By IVANA BZGANOVIC for the Associated Press
KRNJACA, Serbia (AP) — Bashir Ahmad Shirzay lived through wars in Afghanistan, survived a harrowing journey to reach Europe and has no intention of taking a gamble with the coronavirus.
He was among the first to roll up his sleeve for a COVID-19 shot on Friday as Serbia became the first European country to vaccinate people living in its refugee camps and asylum centers, according to United Nations officials.
”We should take the vaccine for our health,” Shirzay said. “The virus takes a lot of lives.”
Some 530 migrants and asylum-seekers across Serbia have signed up to get vaccinated. The first recipients had their initial jabs of the AstraZeneca vaccine Friday at a drab camp on the outskirts of the Serbian capital, Belgrade.
“Today is a very, very special day because we have vaccination of refugees and asylum-seekers in the centers,” Francesca Bonelli, a U.N. refugee agency representative in Serbia, said. “It is really an important sign of support that Serbia provides to refugees, and it is a very good example of inclusion of refugees in Serbian society.”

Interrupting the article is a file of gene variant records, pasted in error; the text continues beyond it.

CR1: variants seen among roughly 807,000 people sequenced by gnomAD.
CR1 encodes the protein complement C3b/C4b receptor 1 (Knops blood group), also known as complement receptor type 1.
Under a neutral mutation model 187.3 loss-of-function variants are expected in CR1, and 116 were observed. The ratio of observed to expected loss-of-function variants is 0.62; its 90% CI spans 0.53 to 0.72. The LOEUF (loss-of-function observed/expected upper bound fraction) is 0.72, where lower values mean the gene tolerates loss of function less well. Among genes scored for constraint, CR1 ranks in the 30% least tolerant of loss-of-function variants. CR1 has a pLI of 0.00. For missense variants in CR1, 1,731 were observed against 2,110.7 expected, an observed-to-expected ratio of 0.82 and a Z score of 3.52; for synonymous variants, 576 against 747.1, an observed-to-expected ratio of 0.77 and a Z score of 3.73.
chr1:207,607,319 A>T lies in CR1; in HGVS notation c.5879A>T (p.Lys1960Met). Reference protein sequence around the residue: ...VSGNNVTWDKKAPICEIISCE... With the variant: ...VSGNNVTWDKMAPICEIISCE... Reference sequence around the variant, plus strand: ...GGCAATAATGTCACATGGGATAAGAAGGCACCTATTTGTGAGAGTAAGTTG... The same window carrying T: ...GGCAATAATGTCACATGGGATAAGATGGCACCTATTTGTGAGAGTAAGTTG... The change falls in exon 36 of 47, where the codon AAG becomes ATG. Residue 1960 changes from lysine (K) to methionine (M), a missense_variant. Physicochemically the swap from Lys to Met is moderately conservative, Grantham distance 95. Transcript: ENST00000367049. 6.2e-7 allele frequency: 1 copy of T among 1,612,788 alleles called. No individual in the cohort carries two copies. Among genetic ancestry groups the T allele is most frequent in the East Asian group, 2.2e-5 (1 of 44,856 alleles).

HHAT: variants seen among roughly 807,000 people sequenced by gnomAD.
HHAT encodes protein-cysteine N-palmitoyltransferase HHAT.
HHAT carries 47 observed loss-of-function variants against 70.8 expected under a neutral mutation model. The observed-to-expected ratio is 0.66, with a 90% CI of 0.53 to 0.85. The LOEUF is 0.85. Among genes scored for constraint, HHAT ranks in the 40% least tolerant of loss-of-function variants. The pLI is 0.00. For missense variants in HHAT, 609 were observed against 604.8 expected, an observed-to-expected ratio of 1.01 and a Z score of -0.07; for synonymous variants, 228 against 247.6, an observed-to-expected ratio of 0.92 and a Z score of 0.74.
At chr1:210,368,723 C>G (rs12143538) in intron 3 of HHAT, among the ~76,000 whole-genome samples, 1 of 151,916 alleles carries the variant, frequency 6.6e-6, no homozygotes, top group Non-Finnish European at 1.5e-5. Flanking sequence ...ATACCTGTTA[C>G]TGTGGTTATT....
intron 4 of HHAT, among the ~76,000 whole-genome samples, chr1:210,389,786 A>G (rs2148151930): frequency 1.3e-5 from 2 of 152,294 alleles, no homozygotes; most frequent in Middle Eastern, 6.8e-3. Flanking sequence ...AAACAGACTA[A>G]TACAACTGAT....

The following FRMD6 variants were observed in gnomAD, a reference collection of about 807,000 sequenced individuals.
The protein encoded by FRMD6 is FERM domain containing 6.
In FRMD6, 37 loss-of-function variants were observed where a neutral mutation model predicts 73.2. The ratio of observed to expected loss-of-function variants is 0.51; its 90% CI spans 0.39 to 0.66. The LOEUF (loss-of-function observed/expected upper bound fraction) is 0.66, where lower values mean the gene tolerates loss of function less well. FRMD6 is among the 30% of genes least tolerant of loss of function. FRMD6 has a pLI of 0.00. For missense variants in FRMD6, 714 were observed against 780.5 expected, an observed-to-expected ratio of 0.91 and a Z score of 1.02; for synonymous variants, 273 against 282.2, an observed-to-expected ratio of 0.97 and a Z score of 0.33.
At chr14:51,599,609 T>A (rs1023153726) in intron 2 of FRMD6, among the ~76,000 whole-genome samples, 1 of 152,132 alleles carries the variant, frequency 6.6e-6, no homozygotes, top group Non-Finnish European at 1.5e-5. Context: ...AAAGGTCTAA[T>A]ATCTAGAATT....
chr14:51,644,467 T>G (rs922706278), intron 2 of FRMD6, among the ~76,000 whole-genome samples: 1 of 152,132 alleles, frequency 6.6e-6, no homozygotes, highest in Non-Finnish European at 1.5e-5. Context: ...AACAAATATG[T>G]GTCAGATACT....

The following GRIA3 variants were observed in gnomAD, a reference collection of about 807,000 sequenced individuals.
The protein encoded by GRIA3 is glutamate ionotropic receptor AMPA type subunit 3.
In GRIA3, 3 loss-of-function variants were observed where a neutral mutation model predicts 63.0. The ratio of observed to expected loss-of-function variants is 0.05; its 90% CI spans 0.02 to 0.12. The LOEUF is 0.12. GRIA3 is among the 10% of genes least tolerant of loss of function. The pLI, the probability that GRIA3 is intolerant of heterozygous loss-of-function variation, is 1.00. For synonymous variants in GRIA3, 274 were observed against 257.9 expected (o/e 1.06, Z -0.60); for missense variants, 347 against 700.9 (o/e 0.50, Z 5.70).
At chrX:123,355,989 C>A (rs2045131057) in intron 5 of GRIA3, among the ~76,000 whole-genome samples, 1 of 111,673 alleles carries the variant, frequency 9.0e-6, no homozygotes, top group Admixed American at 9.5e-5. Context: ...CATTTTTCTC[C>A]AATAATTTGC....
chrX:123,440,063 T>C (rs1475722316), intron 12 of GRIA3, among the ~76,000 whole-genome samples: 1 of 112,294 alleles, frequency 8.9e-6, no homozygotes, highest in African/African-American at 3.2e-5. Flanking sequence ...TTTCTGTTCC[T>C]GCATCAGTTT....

Thousands of refugees and economic migrants from the Middle East, Africa and Asia are stuck in Serbia and neighboring Bosnia while awaiting opportunities to cross a border into European Union member Croatia and continue on to wealthier Western nations.
Serbia has administered the most coronavirus shots per capita of any country in Europe, a distinction it holds in part because the government worked to secure vaccine supplies from Russia and China. But the Balkan country, like the rest of central and eastern Europe, is facing another onslaught of confirmed COVID-19 cases and deaths.
Migrants, many of whom live out in the open or under conditions at camps where the virus is easily spread, are considered one of the most vulnerable risk groups in the pandemic. A camp in neighboring Bosnia experienced a major outbreak this month.
“Vaccination is really important because they are living in the collective centers and keeping the physical distancing is very hard and very difficult to truly control the outbreak, so this is really a great opportunity for the migrant population to receive this vaccination,” Abebayehu Assefa Mengistu, a World Health Organization representative in Serbia, said.
AP writer Dusan Stojanovic in Belgrade contributed.